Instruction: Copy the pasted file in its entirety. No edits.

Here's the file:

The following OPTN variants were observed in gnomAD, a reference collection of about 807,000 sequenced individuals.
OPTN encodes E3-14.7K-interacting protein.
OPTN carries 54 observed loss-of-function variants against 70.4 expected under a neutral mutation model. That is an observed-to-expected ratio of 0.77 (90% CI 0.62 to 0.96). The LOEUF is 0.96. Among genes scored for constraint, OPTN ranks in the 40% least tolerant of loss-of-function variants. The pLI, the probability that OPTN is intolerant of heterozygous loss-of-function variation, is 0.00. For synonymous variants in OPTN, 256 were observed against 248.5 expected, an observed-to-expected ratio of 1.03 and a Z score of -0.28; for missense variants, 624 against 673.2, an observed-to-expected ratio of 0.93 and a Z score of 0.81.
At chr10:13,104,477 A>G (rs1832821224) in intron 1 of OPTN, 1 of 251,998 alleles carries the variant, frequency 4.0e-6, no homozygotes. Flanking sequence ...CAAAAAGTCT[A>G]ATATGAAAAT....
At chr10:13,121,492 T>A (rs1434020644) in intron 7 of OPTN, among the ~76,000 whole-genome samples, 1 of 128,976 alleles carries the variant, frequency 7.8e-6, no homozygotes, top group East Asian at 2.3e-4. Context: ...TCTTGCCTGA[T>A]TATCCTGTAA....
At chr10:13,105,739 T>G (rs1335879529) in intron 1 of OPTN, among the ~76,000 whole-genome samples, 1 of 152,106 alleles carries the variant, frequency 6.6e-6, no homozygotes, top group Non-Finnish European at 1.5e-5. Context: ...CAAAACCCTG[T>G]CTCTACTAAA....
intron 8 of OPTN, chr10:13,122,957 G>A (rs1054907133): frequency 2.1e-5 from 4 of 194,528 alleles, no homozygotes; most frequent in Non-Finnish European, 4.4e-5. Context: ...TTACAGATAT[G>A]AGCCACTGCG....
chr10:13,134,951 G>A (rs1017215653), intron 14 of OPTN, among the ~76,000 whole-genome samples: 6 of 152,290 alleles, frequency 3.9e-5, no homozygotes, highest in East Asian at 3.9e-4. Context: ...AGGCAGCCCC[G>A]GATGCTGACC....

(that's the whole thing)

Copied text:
The following OPTN variants were observed in gnomAD, a reference collection of about 807,000 sequenced individuals.
OPTN encodes E3-14.7K-interacting protein.
OPTN carries 54 observed loss-of-function variants against 70.4 expected under a neutral mutation model. That is an observed-to-expected ratio of 0.77 (90% CI 0.62 to 0.96). The LOEUF is 0.96. Among genes scored for constraint, OPTN ranks in the 40% least tolerant of loss-of-function variants. The pLI, the probability that OPTN is intolerant of heterozygous loss-of-function variation, is 0.00. For synonymous variants in OPTN, 256 were observed against 248.5 expected, an observed-to-expected ratio of 1.03 and a Z score of -0.28; for missense variants, 624 against 673.2, an observed-to-expected ratio of 0.93 and a Z score of 0.81.
At chr10:13,104,477 A>G (rs1832821224) in intron 1 of OPTN, 1 of 251,998 alleles carries the variant, frequency 4.0e-6, no homozygotes. Flanking sequence ...CAAAAAGTCT[A>G]ATATGAAAAT....
At chr10:13,121,492 T>A (rs1434020644) in intron 7 of OPTN, among the ~76,000 whole-genome samples, 1 of 128,976 alleles carries the variant, frequency 7.8e-6, no homozygotes, top group East Asian at 2.3e-4. Context: ...TCTTGCCTGA[T>A]TATCCTGTAA....
At chr10:13,105,739 T>G (rs1335879529) in intron 1 of OPTN, among the ~76,000 whole-genome samples, 1 of 152,106 alleles carries the variant, frequency 6.6e-6, no homozygotes, top group Non-Finnish European at 1.5e-5. Context: ...CAAAACCCTG[T>G]CTCTACTAAA....
intron 8 of OPTN, chr10:13,122,957 G>A (rs1054907133): frequency 2.1e-5 from 4 of 194,528 alleles, no homozygotes; most frequent in Non-Finnish European, 4.4e-5. Context: ...TTACAGATAT[G>A]AGCCACTGCG....
chr10:13,134,951 G>A (rs1017215653), intron 14 of OPTN, among the ~76,000 whole-genome samples: 6 of 152,290 alleles, frequency 3.9e-5, no homozygotes, highest in East Asian at 3.9e-4. Context: ...AGGCAGCCCC[G>A]GATGCTGACC....